Since my trip to the doctor in December I have been given another blood pressure tablet, aspirin, and a pill to stop the aspirin eating my stomach away. The Taking of the TabletsĀ is now quite an undertaking. That is now something I need to schedule in my day.

When you are taking pills to nullify the side effects of other pills it is time to start thnking about some serious weight loss. We are still, little by little, getting through the sweets and biscuits we were given for Christmas. Another week should do it. Next year I think we may allow ourselves a week of relaxed diet and then donate the remaining calories to charity. It’s a bit Scrooge-like but I need to get a grip.

I’m off to see my father now. I will spend the journey down looking for Buzzards and Red Kites. The journey back will be occupied by me musing on mortality, and (mainly) by wondering how a man with Alzhemer’s has beaten me at dominoes. Again.

The bird pictures are ones from the day we were attacked by the swan.

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Gadwall drake – Rufford Abbey lake

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Gadwall duck on Rufford Abbey lake

Idle Valley Nature Reserve

Let’s be honest, doesn’t Idle Valley sound like a great place to be? It has to be up there with Happy Valley and Easy Street.

The walk was bracing , and there were some interesting birds about but as we sat in the cafe, eating Fat Rascals and drinking tea a member of staff came in and started to engage in protracted loud banter with the cafe staff. I could have done without it, but it wasn’t too bad. When he started moving chairs and tables, including the ones next to us, I began to have flashbacks to our visit to Attenborough NR.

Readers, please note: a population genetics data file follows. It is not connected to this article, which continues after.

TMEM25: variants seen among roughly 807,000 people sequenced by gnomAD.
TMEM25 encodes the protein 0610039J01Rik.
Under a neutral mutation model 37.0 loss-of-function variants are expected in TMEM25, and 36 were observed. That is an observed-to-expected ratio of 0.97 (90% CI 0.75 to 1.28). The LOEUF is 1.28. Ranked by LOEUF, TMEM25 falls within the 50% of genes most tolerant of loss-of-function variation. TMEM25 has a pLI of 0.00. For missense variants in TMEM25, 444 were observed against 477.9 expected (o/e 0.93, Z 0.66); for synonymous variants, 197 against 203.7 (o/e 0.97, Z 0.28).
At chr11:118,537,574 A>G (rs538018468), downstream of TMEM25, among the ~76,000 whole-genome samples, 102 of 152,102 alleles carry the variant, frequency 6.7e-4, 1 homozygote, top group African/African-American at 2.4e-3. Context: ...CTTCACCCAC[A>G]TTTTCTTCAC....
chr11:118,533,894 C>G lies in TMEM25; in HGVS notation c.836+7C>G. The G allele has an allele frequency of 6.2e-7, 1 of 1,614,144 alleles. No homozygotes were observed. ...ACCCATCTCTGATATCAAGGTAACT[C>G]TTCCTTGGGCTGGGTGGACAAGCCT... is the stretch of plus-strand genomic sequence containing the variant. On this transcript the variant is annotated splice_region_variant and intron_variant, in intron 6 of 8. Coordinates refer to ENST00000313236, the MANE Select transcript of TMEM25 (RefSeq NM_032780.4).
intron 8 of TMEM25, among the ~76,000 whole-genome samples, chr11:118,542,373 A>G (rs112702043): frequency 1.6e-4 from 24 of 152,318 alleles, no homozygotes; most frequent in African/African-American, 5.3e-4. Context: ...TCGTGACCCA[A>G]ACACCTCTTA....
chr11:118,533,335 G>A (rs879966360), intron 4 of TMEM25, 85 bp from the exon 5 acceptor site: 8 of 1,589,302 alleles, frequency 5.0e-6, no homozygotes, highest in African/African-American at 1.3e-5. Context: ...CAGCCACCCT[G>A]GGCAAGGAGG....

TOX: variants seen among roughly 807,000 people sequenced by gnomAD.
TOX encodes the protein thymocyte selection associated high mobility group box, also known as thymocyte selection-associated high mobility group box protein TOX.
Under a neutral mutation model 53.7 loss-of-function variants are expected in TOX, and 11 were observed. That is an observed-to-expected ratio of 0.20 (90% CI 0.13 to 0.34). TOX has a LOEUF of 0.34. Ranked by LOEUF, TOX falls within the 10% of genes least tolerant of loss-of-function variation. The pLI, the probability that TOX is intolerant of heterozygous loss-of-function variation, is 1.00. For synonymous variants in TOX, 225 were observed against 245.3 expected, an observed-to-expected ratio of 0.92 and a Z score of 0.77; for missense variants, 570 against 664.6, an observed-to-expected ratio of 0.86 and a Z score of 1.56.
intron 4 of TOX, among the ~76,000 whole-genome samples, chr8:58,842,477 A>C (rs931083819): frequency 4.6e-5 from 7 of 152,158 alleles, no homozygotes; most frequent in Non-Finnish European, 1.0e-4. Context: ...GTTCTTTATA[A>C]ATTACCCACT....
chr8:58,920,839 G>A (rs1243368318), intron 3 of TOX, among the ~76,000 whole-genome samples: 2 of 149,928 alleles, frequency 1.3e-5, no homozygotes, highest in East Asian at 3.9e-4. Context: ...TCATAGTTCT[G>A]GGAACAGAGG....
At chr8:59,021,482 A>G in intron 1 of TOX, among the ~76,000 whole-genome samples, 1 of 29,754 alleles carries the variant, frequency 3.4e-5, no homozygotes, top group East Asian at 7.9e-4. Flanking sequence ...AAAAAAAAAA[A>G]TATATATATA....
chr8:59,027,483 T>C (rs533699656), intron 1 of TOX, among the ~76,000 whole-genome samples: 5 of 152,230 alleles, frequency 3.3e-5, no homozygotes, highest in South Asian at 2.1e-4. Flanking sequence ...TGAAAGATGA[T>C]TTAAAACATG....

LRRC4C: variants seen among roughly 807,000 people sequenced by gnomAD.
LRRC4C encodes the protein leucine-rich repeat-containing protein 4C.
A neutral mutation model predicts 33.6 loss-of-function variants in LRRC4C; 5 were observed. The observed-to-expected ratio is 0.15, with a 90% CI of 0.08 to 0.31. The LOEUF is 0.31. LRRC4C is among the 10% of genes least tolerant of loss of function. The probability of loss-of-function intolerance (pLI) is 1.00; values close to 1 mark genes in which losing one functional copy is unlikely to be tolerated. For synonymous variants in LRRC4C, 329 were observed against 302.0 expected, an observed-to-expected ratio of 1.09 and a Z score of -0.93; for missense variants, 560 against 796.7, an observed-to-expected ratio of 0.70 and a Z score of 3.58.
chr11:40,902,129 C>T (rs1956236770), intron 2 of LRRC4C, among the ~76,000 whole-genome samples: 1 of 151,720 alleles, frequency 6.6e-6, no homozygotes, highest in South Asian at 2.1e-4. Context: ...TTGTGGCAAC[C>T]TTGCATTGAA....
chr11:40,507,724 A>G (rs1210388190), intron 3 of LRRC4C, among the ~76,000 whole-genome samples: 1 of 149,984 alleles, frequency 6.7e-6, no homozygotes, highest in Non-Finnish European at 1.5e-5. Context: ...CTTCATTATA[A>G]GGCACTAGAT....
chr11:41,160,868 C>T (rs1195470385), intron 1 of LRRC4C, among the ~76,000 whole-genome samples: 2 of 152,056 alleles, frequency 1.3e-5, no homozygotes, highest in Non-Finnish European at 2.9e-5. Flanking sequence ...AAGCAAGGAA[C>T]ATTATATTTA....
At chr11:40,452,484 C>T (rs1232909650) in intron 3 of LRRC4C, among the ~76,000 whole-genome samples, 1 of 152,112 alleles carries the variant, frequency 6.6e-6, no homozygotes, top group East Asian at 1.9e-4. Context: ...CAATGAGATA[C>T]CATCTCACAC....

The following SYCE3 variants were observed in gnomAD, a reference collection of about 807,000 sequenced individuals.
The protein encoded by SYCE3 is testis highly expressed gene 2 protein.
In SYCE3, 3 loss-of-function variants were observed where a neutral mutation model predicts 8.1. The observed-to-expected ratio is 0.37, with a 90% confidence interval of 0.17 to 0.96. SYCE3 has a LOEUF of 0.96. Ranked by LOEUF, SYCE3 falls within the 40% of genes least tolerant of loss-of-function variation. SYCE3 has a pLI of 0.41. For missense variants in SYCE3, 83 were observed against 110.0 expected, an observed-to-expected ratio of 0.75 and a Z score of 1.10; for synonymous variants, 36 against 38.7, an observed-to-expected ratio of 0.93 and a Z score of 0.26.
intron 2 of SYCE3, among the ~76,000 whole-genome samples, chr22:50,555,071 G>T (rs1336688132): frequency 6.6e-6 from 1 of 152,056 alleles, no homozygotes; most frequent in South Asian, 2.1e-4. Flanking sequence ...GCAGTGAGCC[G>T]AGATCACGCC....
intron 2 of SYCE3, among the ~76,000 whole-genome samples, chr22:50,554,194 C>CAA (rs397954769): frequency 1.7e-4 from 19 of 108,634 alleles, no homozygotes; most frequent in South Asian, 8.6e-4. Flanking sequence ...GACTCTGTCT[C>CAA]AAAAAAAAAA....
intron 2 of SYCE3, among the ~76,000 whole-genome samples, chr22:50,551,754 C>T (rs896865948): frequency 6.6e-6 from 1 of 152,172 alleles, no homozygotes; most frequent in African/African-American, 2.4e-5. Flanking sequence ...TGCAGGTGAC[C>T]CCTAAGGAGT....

It looked like he was preparing to remove the Christmas tree, which begged the question why he couldn’t have done it before 10 am or after 4 pm when the cafe was closed to the public. It just goes to show how assumptions can be wrong, because he was actually preparing to have a cup of tea and a twenty minute session of complaining about management changes.

What is it about me that seems to attract this sort of thing? All I want is tea and cake.

The lake is quite a big pit, the sun was in my eyes for most of the time and much of the lakeside path doesn’t run along the side of the lake so it wasn’t the easiest place to watch birds. Fortunately we started off with a big flock of Teal (thanks to one of the telescopes in the visitor centre) so we were guaranteed a new bird for the 2017 list. Part way round I picked a couple of Gadwall out of a small flock of ducks – they are quite dull, greyish ducks, but they stood out by body length and dabbling behaviour in a group of Tufted ducks. It’s another new species for 2017 and they were closely followed by a group of Shovellers and a couple of Pochard, which were also new species for the year. Let’s be honest though, on 4th January most species are going to be new for the year.

Before we set off I’d checked up on the recent sightings and looked the rarities up so I wouldn’t get caught out if I saw them. Well, I didn’t get caught out, but that was due to lack of sightings rather than lack of preparation.

One day we’ll find something rare, some day…

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Gadwall drake – a rather dull duck